publisher = "Springer",
pages = "171--182",
booktitle = "Visualizing mathematics",
address = "Netherlands",
edition = "1",

}

LOWRIE, T & LOGAN, T 2018, Part I Commentary 3: Proposing a pedagogical framework for the teaching and learning of spatial skills: A commentary on three chapters. in Visualizing mathematics: The role of spatial reasoning in mathematical thought. 1 edn, Research in Mathematics Education, Springer, The Netherlands, pp. 171-182. https://doi.org/10.1007/978-3-319-98767-5_8

Part I Commentary 3 : Proposing a pedagogical framework for the teaching and learning of spatial skills: A commentary on three chapters. / LOWRIE, Thomas; LOGAN, Tracy.

Visualizing mathematics: The role of spatial reasoning in mathematical thought. 1. ed. The Netherlands : Springer, 2018. p. 171-182 (Research in Mathematics Education).

Research output: A Conference proceeding or a Chapter in BookChapter

TY - CHAP

T1 - Part I Commentary 3

T2 - Proposing a pedagogical framework for the teaching and learning of spatial skills: A commentary on three chapters.

AU - LOWRIE, Thomas

AU - LOGAN, Tracy

PY - 2018/12/8

Y1 - 2018/12/8

N2 - Education, generally, and mathematics education specifically, have long-held associations with the field of psychology. Schoenfeld (1987) and Mayer (1992) both described the connections between the two fields and indeed, many educational theories of development evolved from psychology. To this point, one of the longest running groups in mathematics education derived from the field of cognitive psychology, namely, The International Group for the Psychology of Mathematics Education (IGPME). IGPME was established in 1976 under the guidance of Efraim Fischbein, a cognitive psychologist. Initially, the focus was, as the name suggested, on the developmental and psychological complexities of learning various mathematical concepts and processes. However, over the years, the organization has broadened to include new ways of thinking about mathematics learning that go beyond the purely cognitive aspect. In fact, very few cognitive psychologists attend the annual conference these days. Although the direct insights and engagement of cognitive psychology researchers are not commonplace, some overlap remains.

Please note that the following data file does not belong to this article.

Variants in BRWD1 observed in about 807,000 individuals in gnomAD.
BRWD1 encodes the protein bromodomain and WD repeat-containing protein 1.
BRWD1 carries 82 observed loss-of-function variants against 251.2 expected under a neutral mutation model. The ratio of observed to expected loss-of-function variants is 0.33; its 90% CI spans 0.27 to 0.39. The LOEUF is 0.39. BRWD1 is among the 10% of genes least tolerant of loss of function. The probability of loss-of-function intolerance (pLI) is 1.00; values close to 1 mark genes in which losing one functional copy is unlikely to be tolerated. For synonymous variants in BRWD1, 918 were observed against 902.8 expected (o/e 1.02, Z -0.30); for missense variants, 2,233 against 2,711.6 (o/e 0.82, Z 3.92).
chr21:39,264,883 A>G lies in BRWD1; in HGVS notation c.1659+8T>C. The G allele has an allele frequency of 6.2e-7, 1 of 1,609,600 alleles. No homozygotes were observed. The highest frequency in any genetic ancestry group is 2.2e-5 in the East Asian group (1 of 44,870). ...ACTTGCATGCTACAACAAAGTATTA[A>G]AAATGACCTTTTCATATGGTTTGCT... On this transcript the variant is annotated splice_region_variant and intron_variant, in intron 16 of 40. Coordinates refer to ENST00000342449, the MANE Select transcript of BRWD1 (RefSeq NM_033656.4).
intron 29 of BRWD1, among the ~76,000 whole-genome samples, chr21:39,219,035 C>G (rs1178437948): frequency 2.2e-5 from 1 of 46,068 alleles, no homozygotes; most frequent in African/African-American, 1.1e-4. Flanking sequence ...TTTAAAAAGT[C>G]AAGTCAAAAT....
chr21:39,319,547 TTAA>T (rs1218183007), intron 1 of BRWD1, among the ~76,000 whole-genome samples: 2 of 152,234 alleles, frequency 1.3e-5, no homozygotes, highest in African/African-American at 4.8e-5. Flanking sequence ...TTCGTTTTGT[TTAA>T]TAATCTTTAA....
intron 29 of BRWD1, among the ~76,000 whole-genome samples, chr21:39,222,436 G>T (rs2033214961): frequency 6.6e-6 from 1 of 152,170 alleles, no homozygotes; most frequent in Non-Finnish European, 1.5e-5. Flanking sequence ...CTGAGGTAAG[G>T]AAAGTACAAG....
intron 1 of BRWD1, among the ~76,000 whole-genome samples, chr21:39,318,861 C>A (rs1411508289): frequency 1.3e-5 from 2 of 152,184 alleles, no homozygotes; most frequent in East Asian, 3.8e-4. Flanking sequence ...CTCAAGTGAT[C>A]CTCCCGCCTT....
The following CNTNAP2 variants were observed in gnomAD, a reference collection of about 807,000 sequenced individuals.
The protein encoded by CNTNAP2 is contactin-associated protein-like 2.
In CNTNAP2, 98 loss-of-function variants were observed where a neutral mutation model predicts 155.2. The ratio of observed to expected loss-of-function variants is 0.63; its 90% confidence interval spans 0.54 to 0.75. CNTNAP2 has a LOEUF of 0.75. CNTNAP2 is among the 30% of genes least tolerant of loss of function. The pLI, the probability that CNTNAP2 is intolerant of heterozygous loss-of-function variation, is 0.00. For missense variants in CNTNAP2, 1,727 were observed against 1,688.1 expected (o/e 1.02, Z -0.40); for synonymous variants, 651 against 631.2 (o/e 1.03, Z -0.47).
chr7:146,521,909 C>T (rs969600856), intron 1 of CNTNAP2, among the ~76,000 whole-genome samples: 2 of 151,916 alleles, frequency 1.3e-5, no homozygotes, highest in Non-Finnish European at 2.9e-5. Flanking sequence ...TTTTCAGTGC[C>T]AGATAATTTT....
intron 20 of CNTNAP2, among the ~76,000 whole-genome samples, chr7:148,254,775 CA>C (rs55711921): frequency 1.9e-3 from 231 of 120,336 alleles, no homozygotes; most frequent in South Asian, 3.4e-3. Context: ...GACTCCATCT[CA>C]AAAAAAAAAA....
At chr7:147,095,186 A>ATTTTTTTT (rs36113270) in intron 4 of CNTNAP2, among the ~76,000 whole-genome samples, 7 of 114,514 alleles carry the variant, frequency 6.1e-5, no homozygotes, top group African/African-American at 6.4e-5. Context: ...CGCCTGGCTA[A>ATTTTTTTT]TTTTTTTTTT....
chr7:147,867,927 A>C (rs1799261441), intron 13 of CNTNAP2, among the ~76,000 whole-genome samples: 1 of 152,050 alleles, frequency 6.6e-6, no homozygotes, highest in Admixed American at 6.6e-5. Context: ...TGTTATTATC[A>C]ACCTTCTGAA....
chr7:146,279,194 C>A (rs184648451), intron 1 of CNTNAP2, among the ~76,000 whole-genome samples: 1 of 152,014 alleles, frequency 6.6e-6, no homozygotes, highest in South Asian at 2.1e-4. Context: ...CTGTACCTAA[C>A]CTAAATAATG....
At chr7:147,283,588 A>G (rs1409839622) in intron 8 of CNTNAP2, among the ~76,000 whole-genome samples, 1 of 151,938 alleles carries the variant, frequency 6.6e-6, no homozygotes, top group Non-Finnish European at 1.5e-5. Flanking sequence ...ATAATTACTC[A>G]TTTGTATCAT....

AB - Education, generally, and mathematics education specifically, have long-held associations with the field of psychology. Schoenfeld (1987) and Mayer (1992) both described the connections between the two fields and indeed, many educational theories of development evolved from psychology. To this point, one of the longest running groups in mathematics education derived from the field of cognitive psychology, namely, The International Group for the Psychology of Mathematics Education (IGPME). IGPME was established in 1976 under the guidance of Efraim Fischbein, a cognitive psychologist. Initially, the focus was, as the name suggested, on the developmental and psychological complexities of learning various mathematical concepts and processes. However, over the years, the organization has broadened to include new ways of thinking about mathematics learning that go beyond the purely cognitive aspect. In fact, very few cognitive psychologists attend the annual conference these days. Although the direct insights and engagement of cognitive psychology researchers are not commonplace, some overlap remains.

KW - Pedagogy

KW - Spatial reasoning

KW - ELPSA

KW - mathematics

KW - curriculum

UR - http://www.mendeley.com/research/part-i-commentary-3-proposing-pedagogical-framework-theteaching-learning-spatial-skills-commentary-t

U2 - 10.1007/978-3-319-98767-5_8

DO - 10.1007/978-3-319-98767-5_8

M3 - Chapter

SN - 9783319987668

T3 - Research in Mathematics Education

SP - 171

EP - 182

BT - Visualizing mathematics

PB - Springer

CY - The Netherlands

ER -

LOWRIE T, LOGAN T. Part I Commentary 3: Proposing a pedagogical framework for the teaching and learning of spatial skills: A commentary on three chapters. In Visualizing mathematics: The role of spatial reasoning in mathematical thought. 1 ed. The Netherlands: Springer. 2018. p. 171-182. (Research in Mathematics Education). https://doi.org/10.1007/978-3-319-98767-5_8